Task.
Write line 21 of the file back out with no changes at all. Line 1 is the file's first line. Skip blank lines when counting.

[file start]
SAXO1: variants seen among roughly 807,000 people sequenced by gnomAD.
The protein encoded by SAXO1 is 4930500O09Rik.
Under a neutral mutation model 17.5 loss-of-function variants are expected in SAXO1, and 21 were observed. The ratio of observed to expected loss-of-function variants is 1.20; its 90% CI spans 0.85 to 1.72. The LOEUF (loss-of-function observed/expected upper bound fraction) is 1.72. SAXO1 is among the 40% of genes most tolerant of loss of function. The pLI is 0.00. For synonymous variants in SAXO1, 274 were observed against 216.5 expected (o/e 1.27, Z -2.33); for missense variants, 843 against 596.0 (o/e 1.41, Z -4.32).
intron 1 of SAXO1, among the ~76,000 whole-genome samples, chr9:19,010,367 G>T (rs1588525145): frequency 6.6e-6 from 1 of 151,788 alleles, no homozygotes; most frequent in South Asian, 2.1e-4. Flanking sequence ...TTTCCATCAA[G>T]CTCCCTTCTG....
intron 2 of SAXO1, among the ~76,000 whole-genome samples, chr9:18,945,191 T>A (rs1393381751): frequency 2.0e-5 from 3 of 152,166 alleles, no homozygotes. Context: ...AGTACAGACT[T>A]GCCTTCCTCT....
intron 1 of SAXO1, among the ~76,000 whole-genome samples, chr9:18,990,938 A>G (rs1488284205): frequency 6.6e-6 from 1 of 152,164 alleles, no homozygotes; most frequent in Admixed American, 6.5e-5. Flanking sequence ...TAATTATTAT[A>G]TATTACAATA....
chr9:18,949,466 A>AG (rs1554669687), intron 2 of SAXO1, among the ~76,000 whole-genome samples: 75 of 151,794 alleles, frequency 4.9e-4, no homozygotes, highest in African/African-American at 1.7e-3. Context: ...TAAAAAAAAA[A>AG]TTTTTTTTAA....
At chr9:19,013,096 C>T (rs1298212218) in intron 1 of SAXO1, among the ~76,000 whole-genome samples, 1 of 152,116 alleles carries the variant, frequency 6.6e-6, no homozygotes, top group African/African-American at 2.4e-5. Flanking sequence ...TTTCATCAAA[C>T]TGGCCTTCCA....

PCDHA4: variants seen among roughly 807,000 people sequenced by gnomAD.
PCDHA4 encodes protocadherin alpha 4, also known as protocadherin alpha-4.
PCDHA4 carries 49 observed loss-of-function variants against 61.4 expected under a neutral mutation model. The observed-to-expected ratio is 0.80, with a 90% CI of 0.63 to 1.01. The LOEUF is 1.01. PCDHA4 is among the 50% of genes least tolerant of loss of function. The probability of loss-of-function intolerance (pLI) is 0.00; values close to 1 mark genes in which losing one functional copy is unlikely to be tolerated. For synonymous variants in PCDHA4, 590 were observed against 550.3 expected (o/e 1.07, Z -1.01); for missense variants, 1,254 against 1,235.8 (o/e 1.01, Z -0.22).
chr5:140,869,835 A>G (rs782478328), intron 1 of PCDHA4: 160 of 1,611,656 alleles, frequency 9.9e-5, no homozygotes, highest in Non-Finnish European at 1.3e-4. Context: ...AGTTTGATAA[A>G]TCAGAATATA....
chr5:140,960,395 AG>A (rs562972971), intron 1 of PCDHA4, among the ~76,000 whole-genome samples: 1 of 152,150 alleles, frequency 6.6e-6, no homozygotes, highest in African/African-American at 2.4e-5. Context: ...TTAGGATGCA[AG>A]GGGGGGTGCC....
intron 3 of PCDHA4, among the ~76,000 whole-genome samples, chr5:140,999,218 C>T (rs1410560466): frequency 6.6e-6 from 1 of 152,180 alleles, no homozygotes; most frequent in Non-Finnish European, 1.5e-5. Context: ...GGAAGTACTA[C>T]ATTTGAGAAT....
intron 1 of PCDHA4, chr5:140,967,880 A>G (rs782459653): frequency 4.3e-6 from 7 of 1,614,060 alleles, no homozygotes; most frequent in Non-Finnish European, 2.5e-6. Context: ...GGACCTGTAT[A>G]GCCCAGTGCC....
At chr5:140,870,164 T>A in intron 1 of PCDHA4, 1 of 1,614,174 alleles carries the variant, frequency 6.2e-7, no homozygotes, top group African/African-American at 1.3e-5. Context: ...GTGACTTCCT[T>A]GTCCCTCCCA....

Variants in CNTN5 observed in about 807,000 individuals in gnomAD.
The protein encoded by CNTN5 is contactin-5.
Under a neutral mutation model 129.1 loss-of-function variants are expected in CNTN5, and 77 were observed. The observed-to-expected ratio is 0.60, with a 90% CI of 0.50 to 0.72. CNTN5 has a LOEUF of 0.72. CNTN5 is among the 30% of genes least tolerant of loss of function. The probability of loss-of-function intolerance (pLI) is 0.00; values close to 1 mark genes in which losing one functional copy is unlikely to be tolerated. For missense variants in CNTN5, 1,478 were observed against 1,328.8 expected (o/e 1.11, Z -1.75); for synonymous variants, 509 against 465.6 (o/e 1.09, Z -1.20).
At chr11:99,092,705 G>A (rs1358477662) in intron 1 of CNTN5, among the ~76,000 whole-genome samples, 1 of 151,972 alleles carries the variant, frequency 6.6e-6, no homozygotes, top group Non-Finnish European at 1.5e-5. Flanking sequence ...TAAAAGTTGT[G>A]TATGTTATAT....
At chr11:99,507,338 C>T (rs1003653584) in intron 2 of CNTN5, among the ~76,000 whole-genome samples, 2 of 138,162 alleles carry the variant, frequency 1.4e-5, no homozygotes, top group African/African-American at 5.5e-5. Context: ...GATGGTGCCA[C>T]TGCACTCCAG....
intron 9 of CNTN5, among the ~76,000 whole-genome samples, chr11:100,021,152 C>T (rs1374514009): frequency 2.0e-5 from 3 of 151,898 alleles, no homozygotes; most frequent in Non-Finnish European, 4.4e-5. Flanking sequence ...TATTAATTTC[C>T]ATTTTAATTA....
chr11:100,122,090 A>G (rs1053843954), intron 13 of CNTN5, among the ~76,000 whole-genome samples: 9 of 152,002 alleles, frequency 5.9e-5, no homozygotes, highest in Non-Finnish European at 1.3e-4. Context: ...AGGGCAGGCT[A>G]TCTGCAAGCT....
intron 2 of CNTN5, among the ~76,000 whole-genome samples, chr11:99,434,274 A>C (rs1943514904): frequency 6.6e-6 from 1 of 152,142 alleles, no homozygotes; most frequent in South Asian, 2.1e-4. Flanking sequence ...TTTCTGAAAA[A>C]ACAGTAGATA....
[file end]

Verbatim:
At chr11:99,507,338 C>T (rs1003653584) in intron 2 of CNTN5, among the ~76,000 whole-genome samples, 2 of 138,162 alleles carry the variant, frequency 1.4e-5, no homozygotes, top group African/African-American at 5.5e-5. Context: ...GATGGTGCCA[C>T]TGCACTCCAG....